Questions on the famed $\zeta(s)$ function of Riemann, and its properties.

If $s$ is a complex number for which $\Re s > 1$, the infinite series

$$\sum\limits_{n = 1}^{\infty} \frac{1}{n^s}$$

defines an analytic function in the domain $\{s : \Re s > 1\}$, and can in fact be extended to $\mathbb{C} \setminus \{1\}$; this extension is called the *Riemann zeta function*:

$$\zeta(s)=\frac{\Gamma(-s-1)}{2\pi i}\int_{+\infty}^{+\infty} \frac{(-x)^{s-1}}{e^x-1}dx$$

where the contour travels from $+\infty$ on the $x$-axis to a counter-clockwise circle around the origin, and back to $+\infty$ on the $x$-axis.

The Riemann zeta function also has an infinite product expansion in $\{\Re s > 1\}$, giving

$$\zeta(s) = \prod_{p \text{ prime}} \frac{1}{1 - p^{-s}}$$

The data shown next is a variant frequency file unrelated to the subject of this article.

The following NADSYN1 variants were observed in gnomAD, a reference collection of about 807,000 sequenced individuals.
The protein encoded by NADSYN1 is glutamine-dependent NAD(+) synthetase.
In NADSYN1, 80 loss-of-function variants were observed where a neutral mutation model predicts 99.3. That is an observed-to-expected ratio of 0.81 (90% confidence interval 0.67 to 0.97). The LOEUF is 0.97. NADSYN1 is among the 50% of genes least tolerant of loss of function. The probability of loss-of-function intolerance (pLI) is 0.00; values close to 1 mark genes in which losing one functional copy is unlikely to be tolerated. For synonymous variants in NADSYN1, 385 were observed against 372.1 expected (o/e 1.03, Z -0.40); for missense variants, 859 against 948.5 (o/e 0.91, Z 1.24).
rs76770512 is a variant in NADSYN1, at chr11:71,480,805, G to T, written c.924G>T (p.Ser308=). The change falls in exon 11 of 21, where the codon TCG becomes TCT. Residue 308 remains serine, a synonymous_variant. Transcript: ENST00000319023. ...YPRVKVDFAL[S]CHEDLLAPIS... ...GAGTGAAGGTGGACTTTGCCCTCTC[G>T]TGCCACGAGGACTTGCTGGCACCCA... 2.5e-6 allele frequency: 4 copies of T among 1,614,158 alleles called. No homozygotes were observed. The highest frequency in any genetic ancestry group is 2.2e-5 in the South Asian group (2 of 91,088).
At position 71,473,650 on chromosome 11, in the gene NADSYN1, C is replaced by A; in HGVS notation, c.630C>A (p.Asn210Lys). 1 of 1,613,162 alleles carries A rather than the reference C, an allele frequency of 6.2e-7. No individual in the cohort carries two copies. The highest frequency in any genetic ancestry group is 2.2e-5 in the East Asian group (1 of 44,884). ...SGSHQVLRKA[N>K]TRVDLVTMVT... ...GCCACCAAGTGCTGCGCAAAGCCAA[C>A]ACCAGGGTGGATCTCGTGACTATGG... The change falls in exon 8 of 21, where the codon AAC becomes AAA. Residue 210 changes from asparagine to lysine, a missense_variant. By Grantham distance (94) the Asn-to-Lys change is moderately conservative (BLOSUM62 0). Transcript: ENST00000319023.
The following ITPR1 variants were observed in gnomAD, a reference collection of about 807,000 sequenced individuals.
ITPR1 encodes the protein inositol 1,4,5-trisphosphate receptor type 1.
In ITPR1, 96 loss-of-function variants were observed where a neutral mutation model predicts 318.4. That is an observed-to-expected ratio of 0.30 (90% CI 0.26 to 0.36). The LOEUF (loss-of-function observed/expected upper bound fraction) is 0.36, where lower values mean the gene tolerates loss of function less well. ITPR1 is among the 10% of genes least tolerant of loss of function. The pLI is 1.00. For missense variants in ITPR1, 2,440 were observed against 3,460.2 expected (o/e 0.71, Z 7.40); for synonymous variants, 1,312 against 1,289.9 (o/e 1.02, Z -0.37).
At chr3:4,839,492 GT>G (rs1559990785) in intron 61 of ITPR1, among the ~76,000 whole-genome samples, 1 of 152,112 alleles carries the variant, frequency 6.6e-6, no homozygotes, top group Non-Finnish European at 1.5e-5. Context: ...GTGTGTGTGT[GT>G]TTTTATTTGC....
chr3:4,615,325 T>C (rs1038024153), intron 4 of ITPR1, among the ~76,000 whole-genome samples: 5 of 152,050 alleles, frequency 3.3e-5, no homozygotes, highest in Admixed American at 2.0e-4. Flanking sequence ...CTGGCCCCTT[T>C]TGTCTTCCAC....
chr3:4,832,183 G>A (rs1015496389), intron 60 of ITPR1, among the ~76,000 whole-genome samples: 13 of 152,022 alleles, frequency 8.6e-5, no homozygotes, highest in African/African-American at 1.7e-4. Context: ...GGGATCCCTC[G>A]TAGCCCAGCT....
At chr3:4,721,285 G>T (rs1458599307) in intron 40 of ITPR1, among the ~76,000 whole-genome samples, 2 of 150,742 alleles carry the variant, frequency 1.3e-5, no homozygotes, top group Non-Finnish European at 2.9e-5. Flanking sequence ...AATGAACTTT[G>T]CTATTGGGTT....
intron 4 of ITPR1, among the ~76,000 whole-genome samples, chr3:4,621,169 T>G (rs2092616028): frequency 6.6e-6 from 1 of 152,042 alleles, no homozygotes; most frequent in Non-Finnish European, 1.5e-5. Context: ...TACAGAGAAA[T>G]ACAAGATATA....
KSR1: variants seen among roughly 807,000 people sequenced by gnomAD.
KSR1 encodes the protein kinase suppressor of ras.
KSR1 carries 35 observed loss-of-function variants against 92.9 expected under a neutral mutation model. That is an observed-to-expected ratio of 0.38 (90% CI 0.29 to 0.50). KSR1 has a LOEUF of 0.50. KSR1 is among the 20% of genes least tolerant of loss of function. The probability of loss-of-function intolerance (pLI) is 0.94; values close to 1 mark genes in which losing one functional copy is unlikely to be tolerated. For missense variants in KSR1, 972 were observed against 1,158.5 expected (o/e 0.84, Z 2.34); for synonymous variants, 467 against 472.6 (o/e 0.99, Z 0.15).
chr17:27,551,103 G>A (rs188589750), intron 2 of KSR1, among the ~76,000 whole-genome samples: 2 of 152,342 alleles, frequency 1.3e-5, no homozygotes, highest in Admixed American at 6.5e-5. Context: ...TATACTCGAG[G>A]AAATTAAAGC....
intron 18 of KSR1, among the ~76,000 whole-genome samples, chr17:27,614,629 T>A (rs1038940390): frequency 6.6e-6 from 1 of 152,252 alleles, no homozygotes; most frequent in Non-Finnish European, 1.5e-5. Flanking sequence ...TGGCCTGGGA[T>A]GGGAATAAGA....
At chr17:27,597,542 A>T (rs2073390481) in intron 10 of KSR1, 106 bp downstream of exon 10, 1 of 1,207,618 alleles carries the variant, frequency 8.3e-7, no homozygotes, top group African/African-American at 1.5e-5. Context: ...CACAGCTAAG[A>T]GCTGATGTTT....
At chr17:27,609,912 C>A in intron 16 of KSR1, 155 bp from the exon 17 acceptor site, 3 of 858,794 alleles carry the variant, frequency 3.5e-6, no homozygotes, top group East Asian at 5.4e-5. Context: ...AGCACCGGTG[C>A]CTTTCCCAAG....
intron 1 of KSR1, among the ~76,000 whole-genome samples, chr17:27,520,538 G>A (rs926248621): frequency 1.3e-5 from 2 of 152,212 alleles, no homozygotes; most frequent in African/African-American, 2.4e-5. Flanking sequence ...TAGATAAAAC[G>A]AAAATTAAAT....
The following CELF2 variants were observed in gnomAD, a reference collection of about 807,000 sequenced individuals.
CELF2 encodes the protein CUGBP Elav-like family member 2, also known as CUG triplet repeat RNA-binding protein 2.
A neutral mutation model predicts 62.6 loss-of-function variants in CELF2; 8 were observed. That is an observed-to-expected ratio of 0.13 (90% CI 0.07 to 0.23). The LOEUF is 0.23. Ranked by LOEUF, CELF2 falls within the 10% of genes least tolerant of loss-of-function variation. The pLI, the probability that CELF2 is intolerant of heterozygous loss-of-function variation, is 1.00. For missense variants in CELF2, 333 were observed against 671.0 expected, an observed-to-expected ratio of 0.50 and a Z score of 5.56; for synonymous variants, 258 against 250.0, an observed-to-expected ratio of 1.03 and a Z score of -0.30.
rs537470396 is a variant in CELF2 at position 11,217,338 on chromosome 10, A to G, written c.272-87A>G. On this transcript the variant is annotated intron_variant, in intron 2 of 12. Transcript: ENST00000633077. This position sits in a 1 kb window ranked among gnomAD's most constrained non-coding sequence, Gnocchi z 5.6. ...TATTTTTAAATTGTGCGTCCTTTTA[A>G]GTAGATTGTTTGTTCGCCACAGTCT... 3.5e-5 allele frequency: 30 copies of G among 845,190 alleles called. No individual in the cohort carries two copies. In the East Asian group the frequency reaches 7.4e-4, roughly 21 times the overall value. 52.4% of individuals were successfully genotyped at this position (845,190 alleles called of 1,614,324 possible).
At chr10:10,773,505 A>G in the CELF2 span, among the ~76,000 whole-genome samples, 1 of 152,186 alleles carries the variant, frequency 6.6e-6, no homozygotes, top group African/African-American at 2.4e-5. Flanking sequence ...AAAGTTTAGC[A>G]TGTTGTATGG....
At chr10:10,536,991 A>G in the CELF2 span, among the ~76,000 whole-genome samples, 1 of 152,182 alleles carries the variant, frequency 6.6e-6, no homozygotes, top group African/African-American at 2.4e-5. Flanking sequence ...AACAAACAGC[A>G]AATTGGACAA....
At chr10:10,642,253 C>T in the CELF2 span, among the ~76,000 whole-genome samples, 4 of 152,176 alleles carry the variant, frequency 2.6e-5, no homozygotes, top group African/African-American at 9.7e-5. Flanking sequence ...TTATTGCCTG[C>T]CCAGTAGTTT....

This function also satisfies Riemann's functional equation

$$\zeta(s) = 2^s \pi^{s - 1} \sin\left(\frac{\pi s}{2}\right) \Gamma(1 - s) \zeta(1 - s)$$

where $\Gamma$ is the gamma function.

The Riemann zeta function has so-called trivial zeros at the negative even integers $-2, -4, -6, \dots$, as well as many zeros on the line $\frac{1}{2} + it$. It is conjectured that all the non-trivial zeros of the Riemann zeta function lie on this line, and this is considered to be one of the most important open problems in mathematics.

Reference: Riemann zeta function.